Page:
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Old 11-20-2010, 01:09 AM
Mark W Mark W is offline
Join Date: Jul 2009
Posts: 597
Default Copland Appalachian Spring for Two Pianos

Hello Music Sharing Friends,

It has been a long time since I've shared anything with you in this forum. In the past, I've showed you some of my compositions; but I realize that my composition styles probably appeal to only one percent of music listeners.

I've decided to put my own composing on hold. Instead, I'm planning on devoting my music recreation time to arranging my favorite orchestral music to two pianos, 4-hands and 8-hands.

I have two nice Yamaha grand pianos, 6'11 (C6) and 7'4 (C7). Well, they're kind of old now, 30 and 16 years respectively, but I plan on getting the felts softened, to tone down the brightness.

My social life here is taking root with these two pianos. Friends come here to play 4- and 8-hands with me. They are all excellent sight readers. I have 8-hand arrangements for all of Beethoven's symphonies, and several Hydan symphonies, Mozart, etc. It is a blast reading these scores with 3 other pianists on the two pianos!

Well, there aren't a lot of 8-hand piano arrangements out there. Nor are there 4-hand arrangements for pieces I really love, such as Copland's Appalachian Spring. It is the first of probably many pieces I'll start arranging for 4- and 8-hands.

It was a joy using Composer to do the arrangement. I used a MIDI file off the Internet to get started. I collapsed all of the string parts into a single staff, using Merge Staff. Then I did Split Hands to divide the combined string parts in to first piano RH and LH staves. I did the same for the woodwind section plus the piano in Copland's score, which role is mostly to play the lowest A note on the piano-- what a wonderful note in Copland's score.

I was pleased at how well the Split Hands command worked. It came up with some ideas that I would not have necessarily thought of, bouncing notes between the RH and LH. It is a lot of fun to play the the piano parts, as some attention of my part, as arranger, is devoted not to just faithfully copying notes from the 14-instrument Copland score to the piano. I also pay attention to how it's fun to bounce musical figures between the RH and LH.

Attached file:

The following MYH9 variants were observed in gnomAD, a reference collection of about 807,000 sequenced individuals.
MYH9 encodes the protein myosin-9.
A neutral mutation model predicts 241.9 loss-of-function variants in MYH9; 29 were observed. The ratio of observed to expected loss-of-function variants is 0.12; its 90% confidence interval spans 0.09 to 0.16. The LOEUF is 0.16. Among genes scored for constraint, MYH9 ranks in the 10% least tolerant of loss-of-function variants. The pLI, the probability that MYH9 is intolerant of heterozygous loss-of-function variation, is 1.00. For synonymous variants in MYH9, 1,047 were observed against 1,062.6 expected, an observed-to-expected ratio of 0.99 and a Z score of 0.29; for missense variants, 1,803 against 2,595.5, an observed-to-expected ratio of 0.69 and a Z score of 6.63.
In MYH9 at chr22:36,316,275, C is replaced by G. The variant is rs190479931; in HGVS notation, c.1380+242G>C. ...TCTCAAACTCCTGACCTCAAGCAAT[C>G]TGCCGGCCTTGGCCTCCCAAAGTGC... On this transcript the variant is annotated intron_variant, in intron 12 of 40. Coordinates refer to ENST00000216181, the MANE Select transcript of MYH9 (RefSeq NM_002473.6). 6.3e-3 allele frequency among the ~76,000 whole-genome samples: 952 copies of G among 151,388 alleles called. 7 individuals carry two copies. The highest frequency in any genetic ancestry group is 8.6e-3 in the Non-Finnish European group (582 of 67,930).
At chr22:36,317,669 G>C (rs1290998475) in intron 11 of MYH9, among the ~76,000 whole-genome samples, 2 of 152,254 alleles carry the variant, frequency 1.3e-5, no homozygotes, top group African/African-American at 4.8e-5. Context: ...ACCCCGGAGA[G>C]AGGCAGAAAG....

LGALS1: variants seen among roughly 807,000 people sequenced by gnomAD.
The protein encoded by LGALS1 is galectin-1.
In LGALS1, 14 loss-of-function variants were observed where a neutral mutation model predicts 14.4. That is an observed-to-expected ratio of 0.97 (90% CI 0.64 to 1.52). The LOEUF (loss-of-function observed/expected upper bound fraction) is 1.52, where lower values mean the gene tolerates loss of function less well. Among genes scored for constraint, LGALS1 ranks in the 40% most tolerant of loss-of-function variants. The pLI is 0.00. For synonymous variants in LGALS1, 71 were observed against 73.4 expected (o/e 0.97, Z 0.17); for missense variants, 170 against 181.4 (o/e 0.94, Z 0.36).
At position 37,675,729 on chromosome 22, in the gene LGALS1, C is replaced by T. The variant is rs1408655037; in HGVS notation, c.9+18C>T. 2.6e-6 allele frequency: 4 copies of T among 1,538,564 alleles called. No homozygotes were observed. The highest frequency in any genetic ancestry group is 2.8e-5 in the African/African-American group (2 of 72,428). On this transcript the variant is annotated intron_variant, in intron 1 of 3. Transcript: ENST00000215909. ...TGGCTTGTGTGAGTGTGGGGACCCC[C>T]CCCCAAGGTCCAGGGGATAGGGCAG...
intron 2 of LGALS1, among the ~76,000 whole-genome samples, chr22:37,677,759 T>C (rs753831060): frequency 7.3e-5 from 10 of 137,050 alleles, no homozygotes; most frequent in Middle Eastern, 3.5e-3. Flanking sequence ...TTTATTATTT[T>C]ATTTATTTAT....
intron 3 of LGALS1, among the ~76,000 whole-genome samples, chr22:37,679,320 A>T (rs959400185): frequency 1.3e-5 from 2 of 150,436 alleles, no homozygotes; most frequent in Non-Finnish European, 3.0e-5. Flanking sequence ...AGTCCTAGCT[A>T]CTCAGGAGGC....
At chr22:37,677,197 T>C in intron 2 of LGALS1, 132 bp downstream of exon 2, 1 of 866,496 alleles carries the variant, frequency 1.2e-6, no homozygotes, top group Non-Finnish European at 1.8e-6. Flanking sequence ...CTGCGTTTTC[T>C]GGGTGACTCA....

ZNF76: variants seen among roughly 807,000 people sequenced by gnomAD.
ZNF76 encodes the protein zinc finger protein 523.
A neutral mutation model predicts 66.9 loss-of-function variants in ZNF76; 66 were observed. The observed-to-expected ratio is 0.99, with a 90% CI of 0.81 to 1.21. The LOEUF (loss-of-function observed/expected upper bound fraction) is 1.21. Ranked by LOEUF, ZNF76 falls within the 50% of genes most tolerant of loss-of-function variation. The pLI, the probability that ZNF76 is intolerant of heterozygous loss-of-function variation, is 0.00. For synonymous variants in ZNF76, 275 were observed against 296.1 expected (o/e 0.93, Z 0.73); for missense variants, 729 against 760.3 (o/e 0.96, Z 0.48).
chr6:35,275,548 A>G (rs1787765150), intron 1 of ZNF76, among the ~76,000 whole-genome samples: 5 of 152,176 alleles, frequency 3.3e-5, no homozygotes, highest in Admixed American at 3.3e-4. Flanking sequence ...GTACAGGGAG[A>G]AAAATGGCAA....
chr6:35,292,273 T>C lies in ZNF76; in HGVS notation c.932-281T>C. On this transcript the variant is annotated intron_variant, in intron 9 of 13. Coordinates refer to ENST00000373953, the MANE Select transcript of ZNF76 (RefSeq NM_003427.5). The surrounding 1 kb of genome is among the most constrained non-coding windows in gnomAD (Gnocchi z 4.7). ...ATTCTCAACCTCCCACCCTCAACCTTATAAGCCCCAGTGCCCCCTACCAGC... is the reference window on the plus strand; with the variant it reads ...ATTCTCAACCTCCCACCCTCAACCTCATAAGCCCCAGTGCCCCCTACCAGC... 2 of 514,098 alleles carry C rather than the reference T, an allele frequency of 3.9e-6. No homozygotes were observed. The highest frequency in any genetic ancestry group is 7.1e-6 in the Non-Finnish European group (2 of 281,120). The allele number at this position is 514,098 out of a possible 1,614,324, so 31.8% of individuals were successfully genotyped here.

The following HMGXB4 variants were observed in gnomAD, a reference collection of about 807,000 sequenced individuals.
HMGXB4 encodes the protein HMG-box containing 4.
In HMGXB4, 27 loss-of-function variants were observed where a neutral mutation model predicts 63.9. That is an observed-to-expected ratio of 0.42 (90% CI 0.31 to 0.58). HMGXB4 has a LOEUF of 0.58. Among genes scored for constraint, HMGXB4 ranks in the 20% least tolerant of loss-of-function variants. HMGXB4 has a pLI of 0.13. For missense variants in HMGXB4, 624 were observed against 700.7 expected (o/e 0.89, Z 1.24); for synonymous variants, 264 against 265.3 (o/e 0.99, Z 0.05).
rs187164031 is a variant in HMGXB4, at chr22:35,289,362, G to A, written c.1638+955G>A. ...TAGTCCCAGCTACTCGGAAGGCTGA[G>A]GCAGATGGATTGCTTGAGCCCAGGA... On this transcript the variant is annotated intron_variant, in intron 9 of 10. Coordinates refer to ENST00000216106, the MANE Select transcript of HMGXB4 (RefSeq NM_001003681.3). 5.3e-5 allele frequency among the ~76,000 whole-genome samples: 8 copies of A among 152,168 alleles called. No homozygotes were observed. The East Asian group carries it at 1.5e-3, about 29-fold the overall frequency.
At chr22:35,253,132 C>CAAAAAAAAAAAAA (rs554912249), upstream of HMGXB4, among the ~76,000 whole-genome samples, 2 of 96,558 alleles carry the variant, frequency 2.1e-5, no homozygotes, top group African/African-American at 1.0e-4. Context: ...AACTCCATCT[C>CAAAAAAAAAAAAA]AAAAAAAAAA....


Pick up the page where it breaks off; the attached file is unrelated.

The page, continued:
It (only) took me about 12 hours for a first shot at transcribing almost half of Appalachian Spring. Most of the work after the few minutes of Merge Staves and Split Hands was:
  • moving notes between RH and LH of one of the two piano parts, and sometimes moving to the other part
  • changing beams for Copland's interesting rhythms (I'm going to add cross-barline beaming soon to satisfying my own personal need here, as well as user requests for this feature)
  • adding tempo marks and dynamic marks (I have a lot more work to do there, including adding phrase marks and accent marks)
  • adding cue notes -- but wait, Composer does have cue notes (those small notes that show one player what another is doing when he has a lot of rests. The next version of Composer will have this cue note feature, already implemented.
I've decided to switch from a goal of faithfully arranging as many notes from the original score as the 40 fingers (that's what I like to call 8 hands) can reach on the keyboard. Instead, I'm trying to optimize the score for relatively easy sight reading.

I've attached an excerpt from this 4-hand arrangement of Appalachian Spring. It isn't easy playing. A disclaimer comes with this, that if you are a pianist and you hurt your fingers playing this, I assume no liability for physical or psychological damage.

I sight read this with a really good pianist two days ago. We hit a lot of wrong notes-- mostly me-- but got the feel of the piece pretty good on first reading.

I'll keep you posted from time to time about this new mission of mine to transcribe orchestral works to 4- and 8-hands.

Don't worry, I'm not spending too much time on this instead of working on Notation Software development.


-- Mark (the software developer of Notation Software)
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